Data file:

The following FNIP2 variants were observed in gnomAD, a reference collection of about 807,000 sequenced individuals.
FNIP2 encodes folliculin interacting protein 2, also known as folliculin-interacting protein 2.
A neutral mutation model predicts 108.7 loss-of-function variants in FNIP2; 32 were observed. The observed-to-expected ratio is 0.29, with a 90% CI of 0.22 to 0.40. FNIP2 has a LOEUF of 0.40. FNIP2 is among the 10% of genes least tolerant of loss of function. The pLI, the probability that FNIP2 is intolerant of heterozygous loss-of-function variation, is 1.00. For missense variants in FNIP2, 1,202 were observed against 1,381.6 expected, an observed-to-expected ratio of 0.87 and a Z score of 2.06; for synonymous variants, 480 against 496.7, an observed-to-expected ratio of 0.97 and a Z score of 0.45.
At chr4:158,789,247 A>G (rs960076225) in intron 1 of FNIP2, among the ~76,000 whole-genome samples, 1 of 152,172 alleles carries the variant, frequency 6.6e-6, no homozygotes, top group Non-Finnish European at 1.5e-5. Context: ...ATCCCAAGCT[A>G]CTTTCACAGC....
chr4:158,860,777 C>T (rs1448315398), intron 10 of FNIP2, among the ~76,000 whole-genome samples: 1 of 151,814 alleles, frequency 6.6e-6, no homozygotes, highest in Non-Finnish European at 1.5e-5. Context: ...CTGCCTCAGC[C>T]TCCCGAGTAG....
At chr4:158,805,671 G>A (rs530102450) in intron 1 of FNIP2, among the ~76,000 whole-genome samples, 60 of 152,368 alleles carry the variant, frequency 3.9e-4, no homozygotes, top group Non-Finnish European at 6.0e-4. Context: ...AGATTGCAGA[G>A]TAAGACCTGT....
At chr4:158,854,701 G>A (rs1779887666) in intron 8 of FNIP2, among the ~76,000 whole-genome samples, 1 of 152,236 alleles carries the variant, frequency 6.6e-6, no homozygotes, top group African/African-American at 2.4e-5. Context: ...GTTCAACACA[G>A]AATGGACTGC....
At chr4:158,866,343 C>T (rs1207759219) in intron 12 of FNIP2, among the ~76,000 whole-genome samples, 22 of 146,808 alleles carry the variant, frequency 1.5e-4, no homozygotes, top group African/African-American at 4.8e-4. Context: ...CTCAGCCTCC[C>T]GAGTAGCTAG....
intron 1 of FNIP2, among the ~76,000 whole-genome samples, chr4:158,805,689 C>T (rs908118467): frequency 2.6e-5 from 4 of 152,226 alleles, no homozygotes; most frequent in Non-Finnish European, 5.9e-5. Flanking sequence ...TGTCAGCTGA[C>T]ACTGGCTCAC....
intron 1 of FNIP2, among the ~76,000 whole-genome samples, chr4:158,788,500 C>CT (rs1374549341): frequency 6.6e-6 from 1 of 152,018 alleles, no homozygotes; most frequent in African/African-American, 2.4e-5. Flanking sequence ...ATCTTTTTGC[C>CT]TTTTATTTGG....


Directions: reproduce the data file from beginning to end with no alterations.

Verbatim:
The following FNIP2 variants were observed in gnomAD, a reference collection of about 807,000 sequenced individuals.
FNIP2 encodes folliculin interacting protein 2, also known as folliculin-interacting protein 2.
A neutral mutation model predicts 108.7 loss-of-function variants in FNIP2; 32 were observed. The observed-to-expected ratio is 0.29, with a 90% CI of 0.22 to 0.40. FNIP2 has a LOEUF of 0.40. FNIP2 is among the 10% of genes least tolerant of loss of function. The pLI, the probability that FNIP2 is intolerant of heterozygous loss-of-function variation, is 1.00. For missense variants in FNIP2, 1,202 were observed against 1,381.6 expected, an observed-to-expected ratio of 0.87 and a Z score of 2.06; for synonymous variants, 480 against 496.7, an observed-to-expected ratio of 0.97 and a Z score of 0.45.
At chr4:158,789,247 A>G (rs960076225) in intron 1 of FNIP2, among the ~76,000 whole-genome samples, 1 of 152,172 alleles carries the variant, frequency 6.6e-6, no homozygotes, top group Non-Finnish European at 1.5e-5. Context: ...ATCCCAAGCT[A>G]CTTTCACAGC....
chr4:158,860,777 C>T (rs1448315398), intron 10 of FNIP2, among the ~76,000 whole-genome samples: 1 of 151,814 alleles, frequency 6.6e-6, no homozygotes, highest in Non-Finnish European at 1.5e-5. Context: ...CTGCCTCAGC[C>T]TCCCGAGTAG....
At chr4:158,805,671 G>A (rs530102450) in intron 1 of FNIP2, among the ~76,000 whole-genome samples, 60 of 152,368 alleles carry the variant, frequency 3.9e-4, no homozygotes, top group Non-Finnish European at 6.0e-4. Context: ...AGATTGCAGA[G>A]TAAGACCTGT....
At chr4:158,854,701 G>A (rs1779887666) in intron 8 of FNIP2, among the ~76,000 whole-genome samples, 1 of 152,236 alleles carries the variant, frequency 6.6e-6, no homozygotes, top group African/African-American at 2.4e-5. Context: ...GTTCAACACA[G>A]AATGGACTGC....
At chr4:158,866,343 C>T (rs1207759219) in intron 12 of FNIP2, among the ~76,000 whole-genome samples, 22 of 146,808 alleles carry the variant, frequency 1.5e-4, no homozygotes, top group African/African-American at 4.8e-4. Context: ...CTCAGCCTCC[C>T]GAGTAGCTAG....
intron 1 of FNIP2, among the ~76,000 whole-genome samples, chr4:158,805,689 C>T (rs908118467): frequency 2.6e-5 from 4 of 152,226 alleles, no homozygotes; most frequent in Non-Finnish European, 5.9e-5. Flanking sequence ...TGTCAGCTGA[C>T]ACTGGCTCAC....
intron 1 of FNIP2, among the ~76,000 whole-genome samples, chr4:158,788,500 C>CT (rs1374549341): frequency 6.6e-6 from 1 of 152,018 alleles, no homozygotes; most frequent in African/African-American, 2.4e-5. Flanking sequence ...ATCTTTTTGC[C>CT]TTTTATTTGG....